Concern about Russia wanting to put anti-satellite nuke in space raises key questions

Russia and the U.S. have used missiles to destroy their own satellites before.

February 15, 2024, 4:29 PM

New reporting about intelligence related to Russia wanting to put a nuclear weapon into space, possibly to use against satellites, raises key questions about the country's intentions and the potential ramifications of an orbital detonation.

The Outer Space Treaty of 1967 -- signed by Russia, the U.S. and numerous other countries -- technically still bans putting any weapons of mass destruction in outer space, including nuclear arms.

One question appears to be what Russia might be considering deploying that falls short of that ban.

"First, this is not an active capability that's been deployed. And though Russia's pursuit of this particular capability is troubling, there is no immediate threat to anyone's safety," White House spokesman John Kirby said on Thursday. "We're not talking about a weapon that can be used to attack human beings or cause physical destruction here on Earth."

At the same time, Russia has broken from other nuclear agreements: Russian President Vladimir Putin said early last year that the country was suspending its participation in the New START treaty, first signed in 2010 and extended in 2021, which implements caps on the number of nuclear weapons deployed by Russia and the U.S. and inspections of nuclear sites.

Russia, along with the U.S. and China, has also used missiles to destroy its own satellites before. The U.S. did so in 2008, with a ship-based interceptor missile, and Russia did it in 2021 to take out an aging satellite.

A 2023 threat assessment from the U.S. director of national intelligence said Moscow was continuing to "field new antisatellite weapons to disrupt and degrade U.S. and allied space capabilities."

"It is developing, testing, and fielding an array of nondestructive and destructive counterspace weapons—including jamming and cyberspace capabilities, directed energy weapons, on-orbit capabilities, and ground-based ASAT capabilities—to try to target U.S. and allied satellites," the report reads.

The Biden administration has taken a different course. In 2022, the US became the first world power to sign onto a voluntary moratorium on the destructive testing of direct-ascent anti-satellite missile systems.

PHOTO: PACE Satellite.
PACE Satellite.

Space experts warn against using missiles to take out satellites because it creates voluminous debris in space that could hurt other key vessels like weather satellites and satellites powering communication networks.

But there's another worry: Could a nuclear effect be triggered to paralyze a constellation of satellites, such as communications satellites?

"These systemic threats ... merit further consideration," notes one assessment from the nonprofit Center for Strategic and International Studies, which warned of digital vulnerabilities as well: "Cyberattacks against a constellation's control systems or nuclear detonations in space could disable many satellites at once."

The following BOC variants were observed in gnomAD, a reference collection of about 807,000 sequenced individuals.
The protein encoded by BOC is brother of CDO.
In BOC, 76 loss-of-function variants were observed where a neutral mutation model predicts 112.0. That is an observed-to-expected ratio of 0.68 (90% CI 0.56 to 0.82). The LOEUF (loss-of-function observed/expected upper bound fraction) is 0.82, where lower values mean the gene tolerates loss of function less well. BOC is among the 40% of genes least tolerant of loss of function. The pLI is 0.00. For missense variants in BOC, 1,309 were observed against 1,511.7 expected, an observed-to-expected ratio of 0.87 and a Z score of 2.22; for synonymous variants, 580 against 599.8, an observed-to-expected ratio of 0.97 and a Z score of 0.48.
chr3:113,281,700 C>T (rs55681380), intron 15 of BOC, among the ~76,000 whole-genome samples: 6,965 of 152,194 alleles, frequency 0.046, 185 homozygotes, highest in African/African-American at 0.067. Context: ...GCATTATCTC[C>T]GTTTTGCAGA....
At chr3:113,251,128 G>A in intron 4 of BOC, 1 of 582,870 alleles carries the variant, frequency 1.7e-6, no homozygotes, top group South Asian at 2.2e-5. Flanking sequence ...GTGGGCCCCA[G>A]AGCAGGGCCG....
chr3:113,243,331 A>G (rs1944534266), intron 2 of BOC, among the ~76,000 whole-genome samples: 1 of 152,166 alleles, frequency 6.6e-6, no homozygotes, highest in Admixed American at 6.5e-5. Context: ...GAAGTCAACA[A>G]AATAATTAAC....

The CSIS assessment noted, too, that a "growing density of space debris" was "an additional cause for concern, and one that is increasingly difficult to mitigate."

Putin has taken issue with one specific vast constellation of satellites -- SpaceX's Starlink -- which has been used by the Ukrainian military plan and carry out attacks almost since Russia's invasion began.

According to intelligence unveiled during leaks last year, the U.S. assessed that Russia was trying to use its secretive Tobol electronic warfare system to disrupt the Starlink network -- attempting to turn a program that was previously believed to have been put in place to protect Russia's satellites into one that might be used to attack adversarial satellites. It's unclear whether Moscow ever had any level of success with this.

Russian leadership has also openly threatened to target commercial satellites like those belonging to SpaceX and another company, Maxar Technologies, calling them "legitimate targets."

The chief of space operations of the United States Space Force, Gen. Chance Saltzman, testified on Capitol Hill last year that disabling a constellation like Starlink's satellites would require taking down a large number of them in low orbit.

That obstacle created a deterrent effect because it poses "targeting problem," Saltzman said then, raising "the escalatory threshold is raised to the point where they probably wouldn't [attack]."

Both the White House and lawmakers have sought to allay apprehension about the intelligence regarding Russia -- which first became public after House Intelligence Chairman Mike Turner warned of a "national security threat" related to a "destabilizing foreign military capability."

"We are going to work together to address this matter, as we do all sensitive matters that are classified," House Speaker Mike Johnson told reporters at the Capitol on Wednesday afternoon.

"But we just want to assure everyone steady hands are at the wheel," he said.

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